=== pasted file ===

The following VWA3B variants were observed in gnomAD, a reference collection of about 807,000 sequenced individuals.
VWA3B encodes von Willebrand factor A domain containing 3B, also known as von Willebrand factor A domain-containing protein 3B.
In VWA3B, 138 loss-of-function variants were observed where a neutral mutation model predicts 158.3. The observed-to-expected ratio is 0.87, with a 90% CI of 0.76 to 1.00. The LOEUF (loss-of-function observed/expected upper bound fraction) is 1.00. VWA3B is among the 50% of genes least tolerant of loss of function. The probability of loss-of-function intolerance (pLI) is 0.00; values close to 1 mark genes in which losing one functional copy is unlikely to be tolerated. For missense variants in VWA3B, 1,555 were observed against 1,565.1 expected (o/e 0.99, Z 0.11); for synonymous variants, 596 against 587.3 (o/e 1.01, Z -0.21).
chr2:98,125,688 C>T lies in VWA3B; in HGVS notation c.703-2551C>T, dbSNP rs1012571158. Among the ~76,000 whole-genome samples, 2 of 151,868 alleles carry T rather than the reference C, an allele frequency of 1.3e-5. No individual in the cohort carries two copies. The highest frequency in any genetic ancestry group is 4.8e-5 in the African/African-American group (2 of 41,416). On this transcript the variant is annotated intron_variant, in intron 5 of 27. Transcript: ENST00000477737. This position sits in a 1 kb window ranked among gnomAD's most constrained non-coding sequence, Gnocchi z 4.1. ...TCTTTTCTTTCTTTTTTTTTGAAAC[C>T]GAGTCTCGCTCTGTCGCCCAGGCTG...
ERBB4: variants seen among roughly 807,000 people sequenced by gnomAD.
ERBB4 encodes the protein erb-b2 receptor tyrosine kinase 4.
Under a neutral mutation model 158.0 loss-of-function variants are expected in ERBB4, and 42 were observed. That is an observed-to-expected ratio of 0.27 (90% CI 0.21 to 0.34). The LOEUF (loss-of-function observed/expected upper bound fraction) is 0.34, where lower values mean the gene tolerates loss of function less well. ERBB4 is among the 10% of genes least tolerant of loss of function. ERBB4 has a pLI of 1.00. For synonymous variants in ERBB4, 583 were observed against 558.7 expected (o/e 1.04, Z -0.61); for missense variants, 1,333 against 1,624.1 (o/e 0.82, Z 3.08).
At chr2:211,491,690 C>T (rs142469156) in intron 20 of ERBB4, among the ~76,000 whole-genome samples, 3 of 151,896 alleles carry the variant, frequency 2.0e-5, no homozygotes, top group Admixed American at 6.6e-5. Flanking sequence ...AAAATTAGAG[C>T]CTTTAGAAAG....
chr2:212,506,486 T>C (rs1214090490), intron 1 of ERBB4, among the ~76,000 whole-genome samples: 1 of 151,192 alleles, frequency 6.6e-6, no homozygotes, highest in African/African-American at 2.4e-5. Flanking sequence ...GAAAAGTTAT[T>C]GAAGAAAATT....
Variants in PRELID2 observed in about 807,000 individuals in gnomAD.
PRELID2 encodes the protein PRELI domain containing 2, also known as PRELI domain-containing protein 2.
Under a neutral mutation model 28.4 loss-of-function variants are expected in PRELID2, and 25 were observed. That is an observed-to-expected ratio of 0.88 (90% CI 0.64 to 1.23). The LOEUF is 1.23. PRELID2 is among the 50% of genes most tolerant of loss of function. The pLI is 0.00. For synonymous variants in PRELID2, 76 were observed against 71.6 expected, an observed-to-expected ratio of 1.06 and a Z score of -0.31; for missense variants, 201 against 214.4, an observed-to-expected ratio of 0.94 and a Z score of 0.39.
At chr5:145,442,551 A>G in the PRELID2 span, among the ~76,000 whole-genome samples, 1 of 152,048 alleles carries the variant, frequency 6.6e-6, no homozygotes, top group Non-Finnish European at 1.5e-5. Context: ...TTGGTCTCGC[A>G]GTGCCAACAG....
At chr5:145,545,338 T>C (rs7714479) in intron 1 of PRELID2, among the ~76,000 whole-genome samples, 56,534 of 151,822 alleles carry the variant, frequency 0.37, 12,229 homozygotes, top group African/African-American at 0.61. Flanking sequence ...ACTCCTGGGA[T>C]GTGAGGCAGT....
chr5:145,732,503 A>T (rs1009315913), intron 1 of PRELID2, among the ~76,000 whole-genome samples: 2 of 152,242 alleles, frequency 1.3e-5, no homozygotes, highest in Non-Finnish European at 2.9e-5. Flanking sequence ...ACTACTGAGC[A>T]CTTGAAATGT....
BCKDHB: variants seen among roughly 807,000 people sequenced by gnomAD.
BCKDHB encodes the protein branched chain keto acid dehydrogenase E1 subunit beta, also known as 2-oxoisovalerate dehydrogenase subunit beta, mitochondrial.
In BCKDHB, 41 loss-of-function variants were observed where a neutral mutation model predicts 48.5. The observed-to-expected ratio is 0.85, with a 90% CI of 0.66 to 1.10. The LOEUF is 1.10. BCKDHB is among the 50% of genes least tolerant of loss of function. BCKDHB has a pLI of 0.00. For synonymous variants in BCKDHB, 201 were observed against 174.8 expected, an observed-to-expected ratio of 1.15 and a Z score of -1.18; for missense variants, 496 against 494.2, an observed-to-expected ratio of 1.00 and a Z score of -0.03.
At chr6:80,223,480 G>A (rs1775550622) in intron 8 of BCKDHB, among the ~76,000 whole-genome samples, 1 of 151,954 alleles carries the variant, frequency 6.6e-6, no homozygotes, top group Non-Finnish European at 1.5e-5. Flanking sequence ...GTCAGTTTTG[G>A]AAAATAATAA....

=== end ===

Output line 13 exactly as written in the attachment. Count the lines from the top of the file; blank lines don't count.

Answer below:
At chr5:145,442,551 A>G in the PRELID2 span, among the ~76,000 whole-genome samples, 1 of 152,048 alleles carries the variant, frequency 6.6e-6, no homozygotes, top group Non-Finnish European at 1.5e-5. Context: ...TTGGTCTCGC[A>G]GTGCCAACAG....